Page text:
Opinion: Huge challenges await next pope

For Benedict XVI, the line, "shaken by questions of deep relevance for the life of faith" stands out to me. What are these questions of deep relevance? Benedict was speaking of a shaken world (the Latin version makes this clear), but is he perhaps shaken too by his time on the throne of St. Peter?

Who will be selected as the next pope?
Pope Benedict's legacy and controversies
Pope's friend 'not surprised'

Each reader may well imprint his or her own issues onto the mind of the aging pope.

Is he concerned about the ongoing, devastating revelations about pedophilia in the Catholic Church and related coverups? The "Vatileaks" scandal and the corruption it alleges? Does he just believe that the Catholic Church will need new leadership to face the challenges ahead? Or are his concerns more personal? Like Celestine, is he seeking "tranquility" and a quiet path to his final days?

I doubt we'll ever know more than we do right now.

Pope Benedict XVI's legacy is likely to be heavily contested in the years to come. Particularly since his election, Benedict has stood as the symbol on which those discontented with the direction of the church focus on their ire. Others, concerned about the changes of Vatican II -- the council convened in 1962 that transformed so many Catholic practices -- see in the current pope and his allies an attempt to restore the older, traditional church that they love.

Celestine's legacy, likewise, depended very much on the eye of the beholder. Ascetics revered him, seeing him in a true divine pontiff in contrast to the infernal anti-popes that followed. Petrarch, the great Italian poet, took a neutral stance, suggesting that Celestine was just embracing his true gifts of solitary contemplation.

Dante, on the other hand, condemned Celestine for his cowardice, writing, "che fece per viltade il gran rifiuto / Who made through cowardice the great refusal." (Dante, Inferno, Canto IIi 60).

How will our poets, prophets and people come to see Pope Benedict's resignation? To even begin to answer that, we will need to see who emerges from the basilica when the white smoke rises above St. Peter's Square.

Follow us on Twitter @CNNOpinion.

Join us on Facebook/CNNOpinion.

The opinions expressed in this commentary are solely those of David M. Perry.

ADVERTISEMENT
Part of complete coverage on
updated 4:47 PM EDT, Fri April 18, 2014
Jim Bell says NASA's latest discovery support the notion that habitable worlds are probably common in the galaxy.
updated 2:17 PM EDT, Fri April 18, 2014
Jay Parini says even the Gospels skip the actual Resurrection and are sketchy on the appearances that followed.
updated 1:52 PM EDT, Fri April 18, 2014
Graham Allison says if an unchecked and emboldened Russia foments conflict in a nation like Latvia, a NATO member, the West would have to defend it.
updated 9:11 AM EDT, Fri April 18, 2014
John Sutter: Bad news, guys -- the pangolin we adopted is missing.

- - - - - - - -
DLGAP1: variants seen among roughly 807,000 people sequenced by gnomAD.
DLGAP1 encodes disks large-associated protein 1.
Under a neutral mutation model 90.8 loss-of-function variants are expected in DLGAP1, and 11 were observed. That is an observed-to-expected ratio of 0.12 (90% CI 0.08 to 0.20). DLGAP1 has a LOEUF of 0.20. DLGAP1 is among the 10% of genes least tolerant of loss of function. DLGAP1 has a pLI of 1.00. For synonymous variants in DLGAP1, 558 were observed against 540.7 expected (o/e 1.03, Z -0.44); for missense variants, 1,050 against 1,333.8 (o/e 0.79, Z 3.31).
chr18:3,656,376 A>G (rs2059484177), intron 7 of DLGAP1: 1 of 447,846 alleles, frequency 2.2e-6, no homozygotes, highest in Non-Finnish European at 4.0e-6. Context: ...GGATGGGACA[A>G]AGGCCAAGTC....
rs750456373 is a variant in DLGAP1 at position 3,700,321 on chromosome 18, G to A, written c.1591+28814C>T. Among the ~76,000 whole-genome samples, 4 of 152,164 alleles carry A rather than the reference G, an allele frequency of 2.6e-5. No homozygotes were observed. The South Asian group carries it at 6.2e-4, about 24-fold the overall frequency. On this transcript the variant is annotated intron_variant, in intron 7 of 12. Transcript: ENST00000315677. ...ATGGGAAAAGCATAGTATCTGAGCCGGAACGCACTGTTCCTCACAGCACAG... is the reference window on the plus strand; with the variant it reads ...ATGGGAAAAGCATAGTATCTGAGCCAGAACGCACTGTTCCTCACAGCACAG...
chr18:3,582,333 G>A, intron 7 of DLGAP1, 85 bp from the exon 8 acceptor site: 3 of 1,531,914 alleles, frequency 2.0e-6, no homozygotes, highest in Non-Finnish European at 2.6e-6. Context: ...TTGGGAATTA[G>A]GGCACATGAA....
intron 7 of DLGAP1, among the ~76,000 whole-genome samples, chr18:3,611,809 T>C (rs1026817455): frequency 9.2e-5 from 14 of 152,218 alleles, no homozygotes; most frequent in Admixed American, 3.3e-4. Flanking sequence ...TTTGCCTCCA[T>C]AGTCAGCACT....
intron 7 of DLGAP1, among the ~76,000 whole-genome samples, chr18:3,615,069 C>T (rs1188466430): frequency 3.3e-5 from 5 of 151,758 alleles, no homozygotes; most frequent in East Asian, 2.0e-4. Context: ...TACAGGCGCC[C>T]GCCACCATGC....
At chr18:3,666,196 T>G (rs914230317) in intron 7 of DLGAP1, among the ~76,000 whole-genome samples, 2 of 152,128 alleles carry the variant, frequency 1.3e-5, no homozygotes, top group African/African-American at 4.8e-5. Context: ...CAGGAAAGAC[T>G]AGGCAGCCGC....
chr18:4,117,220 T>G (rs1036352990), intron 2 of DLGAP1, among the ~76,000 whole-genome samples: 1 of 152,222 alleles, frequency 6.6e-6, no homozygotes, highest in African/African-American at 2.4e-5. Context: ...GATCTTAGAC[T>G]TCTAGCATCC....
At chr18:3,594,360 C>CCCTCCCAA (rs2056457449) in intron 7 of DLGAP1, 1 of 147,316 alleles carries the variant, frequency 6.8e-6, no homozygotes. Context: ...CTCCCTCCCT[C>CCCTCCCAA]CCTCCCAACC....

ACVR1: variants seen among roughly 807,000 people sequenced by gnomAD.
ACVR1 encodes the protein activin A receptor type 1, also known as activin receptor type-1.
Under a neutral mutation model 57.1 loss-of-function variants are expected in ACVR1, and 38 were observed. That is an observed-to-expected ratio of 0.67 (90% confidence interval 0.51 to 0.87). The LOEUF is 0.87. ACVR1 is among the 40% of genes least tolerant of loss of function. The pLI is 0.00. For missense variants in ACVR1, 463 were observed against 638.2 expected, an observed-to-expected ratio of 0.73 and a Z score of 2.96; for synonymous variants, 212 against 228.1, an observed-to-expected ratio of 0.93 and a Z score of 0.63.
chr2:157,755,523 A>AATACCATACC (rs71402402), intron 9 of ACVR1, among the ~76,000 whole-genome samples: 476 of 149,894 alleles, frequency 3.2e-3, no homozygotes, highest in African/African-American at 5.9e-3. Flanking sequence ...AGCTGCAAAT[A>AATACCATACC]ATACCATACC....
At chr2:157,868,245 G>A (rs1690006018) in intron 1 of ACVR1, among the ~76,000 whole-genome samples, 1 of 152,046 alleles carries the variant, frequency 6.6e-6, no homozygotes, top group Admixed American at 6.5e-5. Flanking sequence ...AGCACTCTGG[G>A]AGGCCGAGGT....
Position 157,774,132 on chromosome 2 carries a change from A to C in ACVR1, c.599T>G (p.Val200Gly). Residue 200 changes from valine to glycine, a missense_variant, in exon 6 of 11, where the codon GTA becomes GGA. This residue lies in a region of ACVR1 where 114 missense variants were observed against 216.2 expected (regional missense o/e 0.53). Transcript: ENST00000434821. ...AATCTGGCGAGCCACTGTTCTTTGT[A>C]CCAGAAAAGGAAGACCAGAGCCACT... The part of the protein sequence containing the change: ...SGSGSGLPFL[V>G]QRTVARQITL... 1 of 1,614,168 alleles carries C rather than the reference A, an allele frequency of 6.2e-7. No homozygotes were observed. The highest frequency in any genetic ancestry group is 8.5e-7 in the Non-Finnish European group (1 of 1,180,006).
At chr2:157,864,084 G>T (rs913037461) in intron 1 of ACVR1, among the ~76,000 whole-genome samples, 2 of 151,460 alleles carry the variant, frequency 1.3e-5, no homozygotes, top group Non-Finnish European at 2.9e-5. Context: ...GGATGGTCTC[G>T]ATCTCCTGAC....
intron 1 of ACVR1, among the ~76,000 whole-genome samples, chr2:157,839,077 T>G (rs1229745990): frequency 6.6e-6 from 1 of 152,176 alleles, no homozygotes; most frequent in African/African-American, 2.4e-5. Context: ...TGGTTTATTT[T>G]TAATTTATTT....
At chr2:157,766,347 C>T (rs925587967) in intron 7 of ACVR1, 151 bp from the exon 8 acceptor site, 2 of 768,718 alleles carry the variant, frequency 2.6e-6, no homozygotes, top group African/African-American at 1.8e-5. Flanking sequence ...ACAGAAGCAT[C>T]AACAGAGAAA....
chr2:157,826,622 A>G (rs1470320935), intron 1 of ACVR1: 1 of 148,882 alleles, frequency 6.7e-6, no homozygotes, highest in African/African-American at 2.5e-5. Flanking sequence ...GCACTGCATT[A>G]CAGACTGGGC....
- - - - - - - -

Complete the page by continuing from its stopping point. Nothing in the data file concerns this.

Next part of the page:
updated 1:10 PM EDT, Sat April 19, 2014
Ben Wildavsky says we need a better way to determine whether colleges are turning out graduates with superior education and abilities.
updated 6:26 AM EDT, Fri April 18, 2014
Charles Maclin, program manager working on the search and recovery of Malaysia Flight 370, explains how it works.
updated 8:50 AM EDT, Fri April 18, 2014
Jill Koyama says Michael Bloomberg is right to tackle gun violence, but we need to go beyond piecemeal state legislation.
updated 2:45 PM EDT, Thu April 17, 2014
Michael Bloomberg and Shannon Watts say Americans are ready for sensible gun laws, but politicians are cowed by the NRA. Everytown for Gun Safety will prove the NRA is not that powerful.
updated 9:28 AM EDT, Thu April 17, 2014
Ruben Navarrette says Steve Israel is right: Some Republicans encourage anti-Latino prejudice. But that kind of bias is not limited to the GOP.
updated 7:23 PM EDT, Wed April 16, 2014
Peggy Drexler counts the ways Phyllis Schlafly's argument that lower pay for women helps them nab a husband is ridiculous.
updated 12:42 PM EDT, Wed April 16, 2014
Rick McGahey says Rep. Paul Ryan is signaling his presidential ambitions by appealing to hard core Republican values
updated 11:39 AM EDT, Wed April 16, 2014
Paul Saffo says current Google Glasses are doomed to become eBay collectibles, but they are only the leading edge of a surge in wearable tech that will change our lives
updated 2:49 PM EDT, Tue April 15, 2014
Kathleen Blee says the KKK and white power or neo-Nazi groups give haters the purpose and urgency to use violence.
updated 7:56 AM EDT, Wed April 16, 2014
Sen. Sheldon Whitehouse and Rep. Henry Waxman say read deep, and you'll see the federal Keystone pipeline report spells out the pipeline is bad news
updated 7:53 AM EDT, Wed April 16, 2014
Frida Ghitis says President Obama needs to stop making empty threats against Russia and consider other options
ADVERTISEMENT
ADVERTISEMENT
ADVERTISEMENT
ADVERTISEMENT